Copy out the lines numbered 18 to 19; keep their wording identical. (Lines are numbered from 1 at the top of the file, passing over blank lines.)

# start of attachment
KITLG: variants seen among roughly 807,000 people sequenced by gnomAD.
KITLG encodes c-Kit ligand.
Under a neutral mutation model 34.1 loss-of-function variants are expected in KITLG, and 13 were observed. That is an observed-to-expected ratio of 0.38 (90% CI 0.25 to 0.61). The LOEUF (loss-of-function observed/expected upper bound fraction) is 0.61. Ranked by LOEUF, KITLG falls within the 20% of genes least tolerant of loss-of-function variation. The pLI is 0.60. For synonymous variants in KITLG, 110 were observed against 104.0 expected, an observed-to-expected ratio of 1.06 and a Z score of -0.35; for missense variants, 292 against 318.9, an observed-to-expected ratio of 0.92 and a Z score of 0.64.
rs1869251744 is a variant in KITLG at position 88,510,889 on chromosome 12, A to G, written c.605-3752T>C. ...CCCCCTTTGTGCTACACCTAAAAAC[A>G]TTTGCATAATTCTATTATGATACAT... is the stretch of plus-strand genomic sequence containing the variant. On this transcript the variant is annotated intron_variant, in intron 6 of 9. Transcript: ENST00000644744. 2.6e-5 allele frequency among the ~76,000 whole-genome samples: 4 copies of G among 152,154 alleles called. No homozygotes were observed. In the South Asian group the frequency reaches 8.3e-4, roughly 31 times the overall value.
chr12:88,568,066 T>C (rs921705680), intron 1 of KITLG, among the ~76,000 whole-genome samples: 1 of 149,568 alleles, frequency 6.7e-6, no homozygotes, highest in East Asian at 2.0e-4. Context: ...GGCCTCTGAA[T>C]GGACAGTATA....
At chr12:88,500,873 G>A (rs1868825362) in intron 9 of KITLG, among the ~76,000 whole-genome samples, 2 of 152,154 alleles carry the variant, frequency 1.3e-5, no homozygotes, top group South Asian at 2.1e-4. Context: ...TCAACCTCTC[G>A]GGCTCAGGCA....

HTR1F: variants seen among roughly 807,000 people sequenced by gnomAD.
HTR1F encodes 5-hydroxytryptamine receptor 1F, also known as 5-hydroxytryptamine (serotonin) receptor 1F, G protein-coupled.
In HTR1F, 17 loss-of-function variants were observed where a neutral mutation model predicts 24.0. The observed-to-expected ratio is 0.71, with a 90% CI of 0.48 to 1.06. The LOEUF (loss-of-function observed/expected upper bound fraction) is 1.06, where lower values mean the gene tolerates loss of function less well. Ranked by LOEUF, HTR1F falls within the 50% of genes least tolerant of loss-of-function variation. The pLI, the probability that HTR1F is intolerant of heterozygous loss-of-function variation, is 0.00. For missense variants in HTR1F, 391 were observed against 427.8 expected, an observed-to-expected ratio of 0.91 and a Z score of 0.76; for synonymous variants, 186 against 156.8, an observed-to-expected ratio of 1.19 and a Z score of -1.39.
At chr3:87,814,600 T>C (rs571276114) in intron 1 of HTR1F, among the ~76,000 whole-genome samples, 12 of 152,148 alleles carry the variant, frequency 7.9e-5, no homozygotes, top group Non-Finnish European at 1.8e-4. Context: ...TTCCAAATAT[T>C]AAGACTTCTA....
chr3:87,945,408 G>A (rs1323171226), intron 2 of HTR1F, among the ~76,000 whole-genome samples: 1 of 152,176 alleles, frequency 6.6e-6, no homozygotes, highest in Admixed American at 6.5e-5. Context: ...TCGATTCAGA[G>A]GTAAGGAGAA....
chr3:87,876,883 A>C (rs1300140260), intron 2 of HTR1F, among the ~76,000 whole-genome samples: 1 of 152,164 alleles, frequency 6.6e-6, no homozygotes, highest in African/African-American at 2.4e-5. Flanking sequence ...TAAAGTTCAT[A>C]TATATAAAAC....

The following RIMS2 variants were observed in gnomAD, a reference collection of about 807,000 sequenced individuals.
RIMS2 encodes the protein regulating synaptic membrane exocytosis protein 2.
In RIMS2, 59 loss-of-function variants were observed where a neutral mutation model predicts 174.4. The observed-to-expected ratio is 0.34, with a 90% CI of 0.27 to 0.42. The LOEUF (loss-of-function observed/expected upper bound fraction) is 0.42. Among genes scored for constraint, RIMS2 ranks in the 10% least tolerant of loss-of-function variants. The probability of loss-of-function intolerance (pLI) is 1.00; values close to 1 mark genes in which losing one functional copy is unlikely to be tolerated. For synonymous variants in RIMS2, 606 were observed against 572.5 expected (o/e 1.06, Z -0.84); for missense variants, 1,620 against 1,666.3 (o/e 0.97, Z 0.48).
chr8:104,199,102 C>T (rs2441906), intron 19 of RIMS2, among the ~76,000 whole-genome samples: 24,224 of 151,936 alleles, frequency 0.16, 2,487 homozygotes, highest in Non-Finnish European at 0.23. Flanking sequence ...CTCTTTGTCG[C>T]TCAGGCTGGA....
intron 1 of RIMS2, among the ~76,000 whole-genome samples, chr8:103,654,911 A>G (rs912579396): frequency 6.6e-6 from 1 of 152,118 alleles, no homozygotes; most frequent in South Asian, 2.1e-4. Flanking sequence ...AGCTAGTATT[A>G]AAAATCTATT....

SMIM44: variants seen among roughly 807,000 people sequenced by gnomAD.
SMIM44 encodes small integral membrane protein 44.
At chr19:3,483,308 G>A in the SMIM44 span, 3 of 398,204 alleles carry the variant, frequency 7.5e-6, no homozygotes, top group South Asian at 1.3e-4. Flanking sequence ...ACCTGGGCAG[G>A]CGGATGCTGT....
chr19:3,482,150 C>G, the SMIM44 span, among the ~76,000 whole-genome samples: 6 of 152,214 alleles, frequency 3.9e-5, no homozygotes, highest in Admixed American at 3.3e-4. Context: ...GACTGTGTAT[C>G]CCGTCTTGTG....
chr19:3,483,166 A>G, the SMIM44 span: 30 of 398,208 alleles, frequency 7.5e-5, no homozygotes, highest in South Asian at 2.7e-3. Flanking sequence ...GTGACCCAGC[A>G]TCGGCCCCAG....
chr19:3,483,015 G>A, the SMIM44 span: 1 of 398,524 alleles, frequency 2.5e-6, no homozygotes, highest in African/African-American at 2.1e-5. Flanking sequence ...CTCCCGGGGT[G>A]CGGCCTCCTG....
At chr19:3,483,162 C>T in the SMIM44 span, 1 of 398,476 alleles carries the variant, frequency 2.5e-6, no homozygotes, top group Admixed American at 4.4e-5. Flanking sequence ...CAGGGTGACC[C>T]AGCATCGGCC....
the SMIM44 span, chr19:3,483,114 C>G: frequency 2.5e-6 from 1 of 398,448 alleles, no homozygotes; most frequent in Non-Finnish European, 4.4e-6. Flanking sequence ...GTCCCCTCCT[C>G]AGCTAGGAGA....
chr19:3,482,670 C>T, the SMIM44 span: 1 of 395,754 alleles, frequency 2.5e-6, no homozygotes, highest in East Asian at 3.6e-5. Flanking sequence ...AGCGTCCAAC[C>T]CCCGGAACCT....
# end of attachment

SMIM44: variants seen among roughly 807,000 people sequenced by gnomAD.
SMIM44 encodes small integral membrane protein 44.